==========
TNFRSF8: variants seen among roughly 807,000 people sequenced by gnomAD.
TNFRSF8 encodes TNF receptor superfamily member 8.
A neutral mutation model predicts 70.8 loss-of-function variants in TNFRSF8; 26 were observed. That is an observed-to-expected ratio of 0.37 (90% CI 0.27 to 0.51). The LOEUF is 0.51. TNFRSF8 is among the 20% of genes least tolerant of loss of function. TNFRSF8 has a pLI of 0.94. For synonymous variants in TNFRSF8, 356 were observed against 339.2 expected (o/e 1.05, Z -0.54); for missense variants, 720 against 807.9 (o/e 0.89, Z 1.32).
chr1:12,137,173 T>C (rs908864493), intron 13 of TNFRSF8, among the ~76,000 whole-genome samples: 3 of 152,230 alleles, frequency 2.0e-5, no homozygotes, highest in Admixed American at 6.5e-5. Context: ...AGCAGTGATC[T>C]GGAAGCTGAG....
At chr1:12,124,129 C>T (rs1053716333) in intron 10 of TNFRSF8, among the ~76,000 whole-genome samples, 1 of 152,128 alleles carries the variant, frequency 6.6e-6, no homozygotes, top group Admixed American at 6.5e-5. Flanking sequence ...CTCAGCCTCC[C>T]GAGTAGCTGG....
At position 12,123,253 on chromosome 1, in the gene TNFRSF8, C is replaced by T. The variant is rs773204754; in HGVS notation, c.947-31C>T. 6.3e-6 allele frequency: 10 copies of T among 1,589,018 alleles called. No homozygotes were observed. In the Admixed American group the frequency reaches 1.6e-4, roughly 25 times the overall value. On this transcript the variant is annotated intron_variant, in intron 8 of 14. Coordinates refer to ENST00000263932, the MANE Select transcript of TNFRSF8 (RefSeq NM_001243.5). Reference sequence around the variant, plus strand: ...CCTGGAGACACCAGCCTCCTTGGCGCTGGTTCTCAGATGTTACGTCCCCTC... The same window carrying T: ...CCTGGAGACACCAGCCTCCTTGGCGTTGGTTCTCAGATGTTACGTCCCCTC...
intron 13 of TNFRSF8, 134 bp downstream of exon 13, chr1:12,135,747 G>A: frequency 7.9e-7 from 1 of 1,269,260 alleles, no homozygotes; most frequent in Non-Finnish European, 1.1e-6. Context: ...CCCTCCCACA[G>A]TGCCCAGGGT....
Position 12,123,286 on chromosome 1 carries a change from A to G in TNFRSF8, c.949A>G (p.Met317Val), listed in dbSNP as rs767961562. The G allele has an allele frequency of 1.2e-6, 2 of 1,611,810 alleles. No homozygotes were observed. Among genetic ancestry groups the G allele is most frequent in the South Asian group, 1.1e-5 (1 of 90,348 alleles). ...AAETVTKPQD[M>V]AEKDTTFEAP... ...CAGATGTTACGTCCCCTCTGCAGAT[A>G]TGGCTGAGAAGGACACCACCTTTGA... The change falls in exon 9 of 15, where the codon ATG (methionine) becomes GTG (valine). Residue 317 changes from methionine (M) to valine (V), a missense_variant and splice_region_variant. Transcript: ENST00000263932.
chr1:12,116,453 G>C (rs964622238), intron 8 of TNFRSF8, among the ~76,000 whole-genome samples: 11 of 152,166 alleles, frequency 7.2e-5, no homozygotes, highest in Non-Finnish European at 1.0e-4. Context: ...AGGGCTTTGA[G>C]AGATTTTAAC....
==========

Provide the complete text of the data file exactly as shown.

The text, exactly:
TNFRSF8: variants seen among roughly 807,000 people sequenced by gnomAD.
TNFRSF8 encodes TNF receptor superfamily member 8.
A neutral mutation model predicts 70.8 loss-of-function variants in TNFRSF8; 26 were observed. That is an observed-to-expected ratio of 0.37 (90% CI 0.27 to 0.51). The LOEUF is 0.51. TNFRSF8 is among the 20% of genes least tolerant of loss of function. TNFRSF8 has a pLI of 0.94. For synonymous variants in TNFRSF8, 356 were observed against 339.2 expected (o/e 1.05, Z -0.54); for missense variants, 720 against 807.9 (o/e 0.89, Z 1.32).
chr1:12,137,173 T>C (rs908864493), intron 13 of TNFRSF8, among the ~76,000 whole-genome samples: 3 of 152,230 alleles, frequency 2.0e-5, no homozygotes, highest in Admixed American at 6.5e-5. Context: ...AGCAGTGATC[T>C]GGAAGCTGAG....
At chr1:12,124,129 C>T (rs1053716333) in intron 10 of TNFRSF8, among the ~76,000 whole-genome samples, 1 of 152,128 alleles carries the variant, frequency 6.6e-6, no homozygotes, top group Admixed American at 6.5e-5. Flanking sequence ...CTCAGCCTCC[C>T]GAGTAGCTGG....
At position 12,123,253 on chromosome 1, in the gene TNFRSF8, C is replaced by T. The variant is rs773204754; in HGVS notation, c.947-31C>T. 6.3e-6 allele frequency: 10 copies of T among 1,589,018 alleles called. No homozygotes were observed. In the Admixed American group the frequency reaches 1.6e-4, roughly 25 times the overall value. On this transcript the variant is annotated intron_variant, in intron 8 of 14. Coordinates refer to ENST00000263932, the MANE Select transcript of TNFRSF8 (RefSeq NM_001243.5). Reference sequence around the variant, plus strand: ...CCTGGAGACACCAGCCTCCTTGGCGCTGGTTCTCAGATGTTACGTCCCCTC... The same window carrying T: ...CCTGGAGACACCAGCCTCCTTGGCGTTGGTTCTCAGATGTTACGTCCCCTC...
intron 13 of TNFRSF8, 134 bp downstream of exon 13, chr1:12,135,747 G>A: frequency 7.9e-7 from 1 of 1,269,260 alleles, no homozygotes; most frequent in Non-Finnish European, 1.1e-6. Context: ...CCCTCCCACA[G>A]TGCCCAGGGT....
Position 12,123,286 on chromosome 1 carries a change from A to G in TNFRSF8, c.949A>G (p.Met317Val), listed in dbSNP as rs767961562. The G allele has an allele frequency of 1.2e-6, 2 of 1,611,810 alleles. No homozygotes were observed. Among genetic ancestry groups the G allele is most frequent in the South Asian group, 1.1e-5 (1 of 90,348 alleles). ...AAETVTKPQD[M>V]AEKDTTFEAP... ...CAGATGTTACGTCCCCTCTGCAGAT[A>G]TGGCTGAGAAGGACACCACCTTTGA... The change falls in exon 9 of 15, where the codon ATG (methionine) becomes GTG (valine). Residue 317 changes from methionine (M) to valine (V), a missense_variant and splice_region_variant. Transcript: ENST00000263932.
chr1:12,116,453 G>C (rs964622238), intron 8 of TNFRSF8, among the ~76,000 whole-genome samples: 11 of 152,166 alleles, frequency 7.2e-5, no homozygotes, highest in Non-Finnish European at 1.0e-4. Context: ...AGGGCTTTGA[G>C]AGATTTTAAC....